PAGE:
Community Profiles: Mandy Walsh and Heather Warner

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DELHI – While many local residents have been staying home, itching to get back to work and back to their activities, two local women have been working seven days a week in the battle against a pandemic.

Mandy Walsh is Public Health Director for Delaware County and Heather Warner is Public Health Programs Manager. They’ve both been with the Department of Public Health Services for more than ten years. They’re both healthcare professionals. Walsh is an epidemiologist. 

Before the COVID-19 pandemic, their jobs involved juggling multiple programs, with education, clinics, immunization and prevention efforts, as well as recording and reporting birth and death certificates. Since mid-March, the virus has monopolized their time.

“With this essential emergency, we’re trying to make sure that we maintain as many other essential services as we can,” Walsh said. “Monday might be my least favorite day. It’s when you have to make your best guess and schedule staff, trying to anticipate the worst case scenario.”

The department has doubled its on-call system, and though the twelve hour days are beginning to be more spread out, both women say the work to be done is still 24/7. 

The stress is unrelenting. There have been many reports of an increase in stress-related dreams during the shutdown, and Walsh said she’s had them, too.

“I was talking through reports in my sleep,” she said. “I was sleep walking, too.”

Both of them said their families have tried to shelter them from some of the anger that gets vented on social media.

“My husband took away my phone,” Warner said, laughing. “No Facebook.”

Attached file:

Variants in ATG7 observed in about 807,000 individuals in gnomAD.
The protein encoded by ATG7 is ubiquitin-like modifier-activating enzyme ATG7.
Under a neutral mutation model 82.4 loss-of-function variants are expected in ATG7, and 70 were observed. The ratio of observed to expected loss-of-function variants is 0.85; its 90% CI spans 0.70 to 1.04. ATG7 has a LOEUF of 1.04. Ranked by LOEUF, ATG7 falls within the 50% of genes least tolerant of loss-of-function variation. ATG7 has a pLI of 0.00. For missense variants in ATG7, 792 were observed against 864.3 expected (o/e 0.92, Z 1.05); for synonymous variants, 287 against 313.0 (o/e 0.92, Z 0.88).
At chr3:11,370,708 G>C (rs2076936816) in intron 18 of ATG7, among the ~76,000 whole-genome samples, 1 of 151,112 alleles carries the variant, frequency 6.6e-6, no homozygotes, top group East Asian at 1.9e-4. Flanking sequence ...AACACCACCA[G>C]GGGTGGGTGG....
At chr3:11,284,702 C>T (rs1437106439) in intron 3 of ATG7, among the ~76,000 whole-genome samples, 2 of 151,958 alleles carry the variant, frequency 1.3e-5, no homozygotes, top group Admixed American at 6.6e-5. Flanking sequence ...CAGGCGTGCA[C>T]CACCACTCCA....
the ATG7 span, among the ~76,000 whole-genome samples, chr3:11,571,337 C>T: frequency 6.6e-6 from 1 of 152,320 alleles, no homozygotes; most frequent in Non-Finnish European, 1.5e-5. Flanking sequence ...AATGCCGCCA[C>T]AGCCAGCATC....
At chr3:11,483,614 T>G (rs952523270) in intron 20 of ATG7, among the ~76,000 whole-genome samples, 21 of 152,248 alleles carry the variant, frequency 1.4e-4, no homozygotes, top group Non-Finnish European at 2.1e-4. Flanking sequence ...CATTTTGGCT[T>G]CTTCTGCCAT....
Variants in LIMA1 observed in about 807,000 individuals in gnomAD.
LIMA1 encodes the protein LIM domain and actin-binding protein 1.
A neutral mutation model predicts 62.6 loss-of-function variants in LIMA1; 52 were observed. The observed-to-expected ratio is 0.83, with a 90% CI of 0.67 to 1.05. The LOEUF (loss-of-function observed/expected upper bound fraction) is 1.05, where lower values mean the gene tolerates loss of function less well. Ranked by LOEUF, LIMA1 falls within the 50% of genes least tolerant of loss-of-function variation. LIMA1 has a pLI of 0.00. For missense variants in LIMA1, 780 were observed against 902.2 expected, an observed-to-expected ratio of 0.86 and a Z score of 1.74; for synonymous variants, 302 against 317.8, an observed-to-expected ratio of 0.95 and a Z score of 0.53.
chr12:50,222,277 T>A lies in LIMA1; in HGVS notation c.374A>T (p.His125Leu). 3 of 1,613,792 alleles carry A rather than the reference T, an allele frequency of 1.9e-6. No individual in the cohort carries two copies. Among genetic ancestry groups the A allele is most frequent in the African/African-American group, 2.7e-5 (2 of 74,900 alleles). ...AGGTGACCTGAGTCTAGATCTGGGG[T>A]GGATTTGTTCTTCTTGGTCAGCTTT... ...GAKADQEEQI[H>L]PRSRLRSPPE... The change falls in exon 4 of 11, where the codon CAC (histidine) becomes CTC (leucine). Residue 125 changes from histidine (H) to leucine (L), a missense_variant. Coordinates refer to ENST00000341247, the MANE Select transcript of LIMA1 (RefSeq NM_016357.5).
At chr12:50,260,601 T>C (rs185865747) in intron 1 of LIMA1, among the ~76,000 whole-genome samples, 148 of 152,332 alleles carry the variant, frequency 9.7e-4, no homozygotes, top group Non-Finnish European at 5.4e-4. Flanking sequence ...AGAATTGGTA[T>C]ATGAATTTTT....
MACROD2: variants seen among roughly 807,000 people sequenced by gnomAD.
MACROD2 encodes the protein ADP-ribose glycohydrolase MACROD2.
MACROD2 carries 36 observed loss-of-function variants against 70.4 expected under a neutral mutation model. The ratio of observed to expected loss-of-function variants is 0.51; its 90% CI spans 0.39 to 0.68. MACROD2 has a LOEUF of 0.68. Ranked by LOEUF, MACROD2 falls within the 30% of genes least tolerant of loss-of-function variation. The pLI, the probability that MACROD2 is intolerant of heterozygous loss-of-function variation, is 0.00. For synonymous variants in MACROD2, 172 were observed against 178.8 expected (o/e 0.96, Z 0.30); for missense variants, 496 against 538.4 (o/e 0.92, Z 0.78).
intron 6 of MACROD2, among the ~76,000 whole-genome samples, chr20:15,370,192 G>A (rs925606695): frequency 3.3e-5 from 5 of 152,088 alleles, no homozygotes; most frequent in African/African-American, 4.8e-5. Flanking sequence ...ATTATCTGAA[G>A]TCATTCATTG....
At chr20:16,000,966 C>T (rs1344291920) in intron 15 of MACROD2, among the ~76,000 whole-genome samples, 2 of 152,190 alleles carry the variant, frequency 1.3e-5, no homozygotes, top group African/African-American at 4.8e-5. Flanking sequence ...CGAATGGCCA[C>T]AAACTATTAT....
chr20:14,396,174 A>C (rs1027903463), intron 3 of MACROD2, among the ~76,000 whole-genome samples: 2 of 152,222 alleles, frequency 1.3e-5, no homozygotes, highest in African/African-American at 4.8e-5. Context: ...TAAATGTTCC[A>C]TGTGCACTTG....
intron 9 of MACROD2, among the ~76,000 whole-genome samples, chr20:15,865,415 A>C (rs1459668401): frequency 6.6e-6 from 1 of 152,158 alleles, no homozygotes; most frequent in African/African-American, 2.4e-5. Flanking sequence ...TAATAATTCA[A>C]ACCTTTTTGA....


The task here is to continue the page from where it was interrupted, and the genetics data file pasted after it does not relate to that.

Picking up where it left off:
“I have relatives who screen for me, too,” Walsh said. “The hardest part about this situation, for some people, is there’s is nothing else to do. There’s so little they can do to distract themselves and occupy their minds, unless they’re doing something positive like making masks.”

“It was really hard when we used to see the comments after someone died,” Warner agreed. “These are real people. It’s a real thing. We’re talking about human beings. And they’re not allowed to be with their loved ones, the families can’t grieve together and give each other comfort.”

Walsh’s young school-age children, she said, are “having a different experience than their friends.”

“Their families are home. It’s a huge balancing act at our house. But I’m lucky. I have a lot of family support.”

Warner said her family has stepped up, too, and is doing all the cooking, making the meals she used to make.

Walsh said distance learning has been a challenge for both her and her youngest child, a second grader. “It’s hard to keep track of their work. It’s basically college level learning adjusted for younger students. You really have to guide the younger ones.”

Her son’s best friend is moving, and he is upset that he probably won’t be able to see him before he goes.

Warner said her children, who are older, have seen their plans put on hold.

“My daughter is in college and wasn’t able to do her clinical for her nursing program. My son is a senior in high school. He told me recently that he never thought he’d miss school, but he’s missing it.”

She warned him “early on” that there might not be a graduation this year. She apologized to him when that became a certainty.

“He said, ‘It’s not like I’m the only one.’ I thought was very mature and big of him,” Warner said.

Asked what they’re hoping for for Mother’s Day, Warner and Walsh agreed.

“No snow.”

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